We are at our best as educators and space-makers for a deeper engagement with the financial world, and all our work with our clients should spur on hope.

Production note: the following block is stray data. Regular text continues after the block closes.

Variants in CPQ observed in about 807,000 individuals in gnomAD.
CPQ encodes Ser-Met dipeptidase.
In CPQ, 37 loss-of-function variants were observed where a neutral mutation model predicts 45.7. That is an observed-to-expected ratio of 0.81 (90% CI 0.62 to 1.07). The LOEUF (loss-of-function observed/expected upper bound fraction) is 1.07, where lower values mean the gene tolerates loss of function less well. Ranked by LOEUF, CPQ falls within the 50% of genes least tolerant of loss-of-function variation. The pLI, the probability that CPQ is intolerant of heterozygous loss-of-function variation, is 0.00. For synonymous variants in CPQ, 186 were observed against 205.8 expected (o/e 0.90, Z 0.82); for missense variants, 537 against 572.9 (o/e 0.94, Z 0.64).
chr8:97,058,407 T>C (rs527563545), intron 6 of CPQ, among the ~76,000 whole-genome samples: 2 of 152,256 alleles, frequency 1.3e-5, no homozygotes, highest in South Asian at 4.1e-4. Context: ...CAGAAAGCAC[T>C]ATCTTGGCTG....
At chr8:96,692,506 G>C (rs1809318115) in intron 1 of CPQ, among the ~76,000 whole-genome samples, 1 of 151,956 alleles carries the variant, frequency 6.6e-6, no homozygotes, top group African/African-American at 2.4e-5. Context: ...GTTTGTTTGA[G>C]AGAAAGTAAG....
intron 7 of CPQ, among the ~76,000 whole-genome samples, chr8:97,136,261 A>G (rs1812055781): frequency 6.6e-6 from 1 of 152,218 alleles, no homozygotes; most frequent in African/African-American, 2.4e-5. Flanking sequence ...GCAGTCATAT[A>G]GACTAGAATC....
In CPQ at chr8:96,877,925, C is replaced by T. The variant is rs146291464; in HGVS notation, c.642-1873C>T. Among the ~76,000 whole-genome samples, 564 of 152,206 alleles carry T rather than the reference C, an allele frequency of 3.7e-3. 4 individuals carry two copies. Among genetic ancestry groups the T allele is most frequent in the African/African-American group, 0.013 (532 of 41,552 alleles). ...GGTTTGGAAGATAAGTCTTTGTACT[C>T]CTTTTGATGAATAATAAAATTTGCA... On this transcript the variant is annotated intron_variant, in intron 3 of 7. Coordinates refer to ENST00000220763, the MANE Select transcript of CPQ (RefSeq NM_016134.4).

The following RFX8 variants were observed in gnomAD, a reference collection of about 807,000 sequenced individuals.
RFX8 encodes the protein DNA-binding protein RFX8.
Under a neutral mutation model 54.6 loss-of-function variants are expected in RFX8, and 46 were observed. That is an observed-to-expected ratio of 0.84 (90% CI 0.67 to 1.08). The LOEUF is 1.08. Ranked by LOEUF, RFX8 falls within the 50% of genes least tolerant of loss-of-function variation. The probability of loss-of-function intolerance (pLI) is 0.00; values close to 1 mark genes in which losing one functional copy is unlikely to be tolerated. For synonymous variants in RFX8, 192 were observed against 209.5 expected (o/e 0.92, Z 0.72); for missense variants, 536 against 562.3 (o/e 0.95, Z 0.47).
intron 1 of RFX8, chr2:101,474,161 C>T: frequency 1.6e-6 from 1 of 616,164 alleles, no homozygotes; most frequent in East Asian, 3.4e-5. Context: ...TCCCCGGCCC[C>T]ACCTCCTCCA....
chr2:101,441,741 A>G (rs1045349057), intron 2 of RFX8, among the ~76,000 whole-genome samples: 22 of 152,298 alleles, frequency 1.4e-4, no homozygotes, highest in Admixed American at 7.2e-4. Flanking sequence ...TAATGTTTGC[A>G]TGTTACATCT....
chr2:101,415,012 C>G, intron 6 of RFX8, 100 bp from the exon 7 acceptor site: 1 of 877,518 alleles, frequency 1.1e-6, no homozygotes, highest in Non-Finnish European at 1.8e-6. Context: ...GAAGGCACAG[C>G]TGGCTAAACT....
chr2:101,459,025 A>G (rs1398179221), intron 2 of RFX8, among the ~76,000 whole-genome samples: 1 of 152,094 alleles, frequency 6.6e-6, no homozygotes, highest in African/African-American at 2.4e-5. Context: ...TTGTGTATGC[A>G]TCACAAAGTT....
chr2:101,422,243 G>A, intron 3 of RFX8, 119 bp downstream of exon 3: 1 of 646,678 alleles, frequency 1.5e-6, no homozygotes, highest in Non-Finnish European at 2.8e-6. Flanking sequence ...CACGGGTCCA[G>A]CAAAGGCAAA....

Many people in my profession would not make an immediate leap from the late physicist and cosmologist Stephen Hawking to our work of capital markets, mutual funds and financial planning. This is understandable. Our work in financial advising is overtly pragmatic. It’s either mathematical or fervently personal, with little room for theory or imagining the “why” behind what we do. It is—I suggest—so much like the world of science Hawking was awakened to 50 or more years ago. He watched as the imaginations of his peers went deeply to the practical, to the technological, while he dreamed of deeper questions about how and why.